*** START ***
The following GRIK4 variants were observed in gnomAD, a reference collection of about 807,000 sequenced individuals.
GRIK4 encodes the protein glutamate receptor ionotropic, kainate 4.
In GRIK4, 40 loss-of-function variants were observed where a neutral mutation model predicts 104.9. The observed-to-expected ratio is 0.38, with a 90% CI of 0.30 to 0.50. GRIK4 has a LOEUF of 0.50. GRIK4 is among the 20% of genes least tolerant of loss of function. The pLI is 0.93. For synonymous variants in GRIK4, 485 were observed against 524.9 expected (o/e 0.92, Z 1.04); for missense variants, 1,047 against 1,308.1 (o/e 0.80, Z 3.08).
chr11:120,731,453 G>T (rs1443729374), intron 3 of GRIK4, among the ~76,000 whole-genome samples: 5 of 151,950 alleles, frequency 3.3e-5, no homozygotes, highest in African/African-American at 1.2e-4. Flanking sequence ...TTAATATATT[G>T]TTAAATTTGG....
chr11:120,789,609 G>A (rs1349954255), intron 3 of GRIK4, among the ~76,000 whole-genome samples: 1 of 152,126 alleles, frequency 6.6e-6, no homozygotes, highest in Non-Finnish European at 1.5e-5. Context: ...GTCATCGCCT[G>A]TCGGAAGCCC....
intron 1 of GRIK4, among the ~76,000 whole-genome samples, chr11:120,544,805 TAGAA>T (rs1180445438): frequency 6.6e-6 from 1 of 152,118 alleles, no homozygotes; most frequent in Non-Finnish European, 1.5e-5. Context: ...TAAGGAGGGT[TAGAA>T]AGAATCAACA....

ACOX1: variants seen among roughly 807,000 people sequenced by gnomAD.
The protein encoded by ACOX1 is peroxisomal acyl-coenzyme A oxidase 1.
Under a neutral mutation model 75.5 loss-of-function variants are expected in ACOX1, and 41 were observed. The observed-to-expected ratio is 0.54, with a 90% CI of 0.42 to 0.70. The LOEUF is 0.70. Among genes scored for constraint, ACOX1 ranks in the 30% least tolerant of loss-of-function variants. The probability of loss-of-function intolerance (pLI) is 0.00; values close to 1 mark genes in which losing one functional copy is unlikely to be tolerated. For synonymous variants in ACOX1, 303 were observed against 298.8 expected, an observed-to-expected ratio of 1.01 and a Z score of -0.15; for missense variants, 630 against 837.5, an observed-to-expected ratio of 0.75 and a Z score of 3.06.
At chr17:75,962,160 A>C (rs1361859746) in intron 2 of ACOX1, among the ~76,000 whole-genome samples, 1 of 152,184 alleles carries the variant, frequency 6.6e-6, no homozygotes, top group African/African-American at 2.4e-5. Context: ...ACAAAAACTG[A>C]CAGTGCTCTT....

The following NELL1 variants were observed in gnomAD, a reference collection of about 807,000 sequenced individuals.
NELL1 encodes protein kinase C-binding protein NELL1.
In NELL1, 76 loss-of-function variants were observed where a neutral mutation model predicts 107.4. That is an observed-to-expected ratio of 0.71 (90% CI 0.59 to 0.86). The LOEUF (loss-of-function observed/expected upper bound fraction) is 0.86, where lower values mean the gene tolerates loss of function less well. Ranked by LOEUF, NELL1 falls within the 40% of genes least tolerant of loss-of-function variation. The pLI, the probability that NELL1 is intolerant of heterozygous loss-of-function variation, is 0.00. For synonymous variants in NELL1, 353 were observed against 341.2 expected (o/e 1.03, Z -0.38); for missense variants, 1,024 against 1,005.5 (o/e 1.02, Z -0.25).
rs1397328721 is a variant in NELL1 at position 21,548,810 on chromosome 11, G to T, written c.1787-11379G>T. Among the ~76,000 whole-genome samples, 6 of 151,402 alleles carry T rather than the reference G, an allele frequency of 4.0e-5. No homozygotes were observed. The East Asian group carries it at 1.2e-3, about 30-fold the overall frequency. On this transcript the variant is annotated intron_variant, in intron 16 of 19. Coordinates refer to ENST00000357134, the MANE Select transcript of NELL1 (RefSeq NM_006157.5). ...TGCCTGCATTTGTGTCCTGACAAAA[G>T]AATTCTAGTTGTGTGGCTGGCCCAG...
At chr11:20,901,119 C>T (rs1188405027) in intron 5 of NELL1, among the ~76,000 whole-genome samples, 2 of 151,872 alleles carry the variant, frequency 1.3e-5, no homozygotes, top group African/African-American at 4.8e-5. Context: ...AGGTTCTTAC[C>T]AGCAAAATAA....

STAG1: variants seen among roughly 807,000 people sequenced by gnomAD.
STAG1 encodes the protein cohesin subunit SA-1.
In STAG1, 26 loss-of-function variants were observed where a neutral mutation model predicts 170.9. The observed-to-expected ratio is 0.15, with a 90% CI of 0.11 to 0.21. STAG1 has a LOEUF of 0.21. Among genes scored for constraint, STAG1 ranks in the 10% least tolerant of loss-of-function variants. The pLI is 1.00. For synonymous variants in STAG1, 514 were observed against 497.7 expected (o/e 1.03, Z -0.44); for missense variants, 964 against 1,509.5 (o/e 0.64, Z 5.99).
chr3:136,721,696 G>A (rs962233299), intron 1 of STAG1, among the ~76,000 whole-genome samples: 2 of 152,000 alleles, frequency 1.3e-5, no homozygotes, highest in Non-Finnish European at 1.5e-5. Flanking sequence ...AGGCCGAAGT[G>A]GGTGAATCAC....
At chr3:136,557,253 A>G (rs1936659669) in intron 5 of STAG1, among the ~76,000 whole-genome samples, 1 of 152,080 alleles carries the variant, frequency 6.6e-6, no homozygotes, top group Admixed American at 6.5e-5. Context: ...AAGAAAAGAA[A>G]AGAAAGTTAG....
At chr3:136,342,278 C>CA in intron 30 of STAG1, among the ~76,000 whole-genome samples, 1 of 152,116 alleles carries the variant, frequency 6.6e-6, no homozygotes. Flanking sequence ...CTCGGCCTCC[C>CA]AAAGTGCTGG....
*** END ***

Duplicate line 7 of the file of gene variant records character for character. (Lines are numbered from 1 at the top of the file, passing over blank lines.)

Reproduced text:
ACOX1: variants seen among roughly 807,000 people sequenced by gnomAD.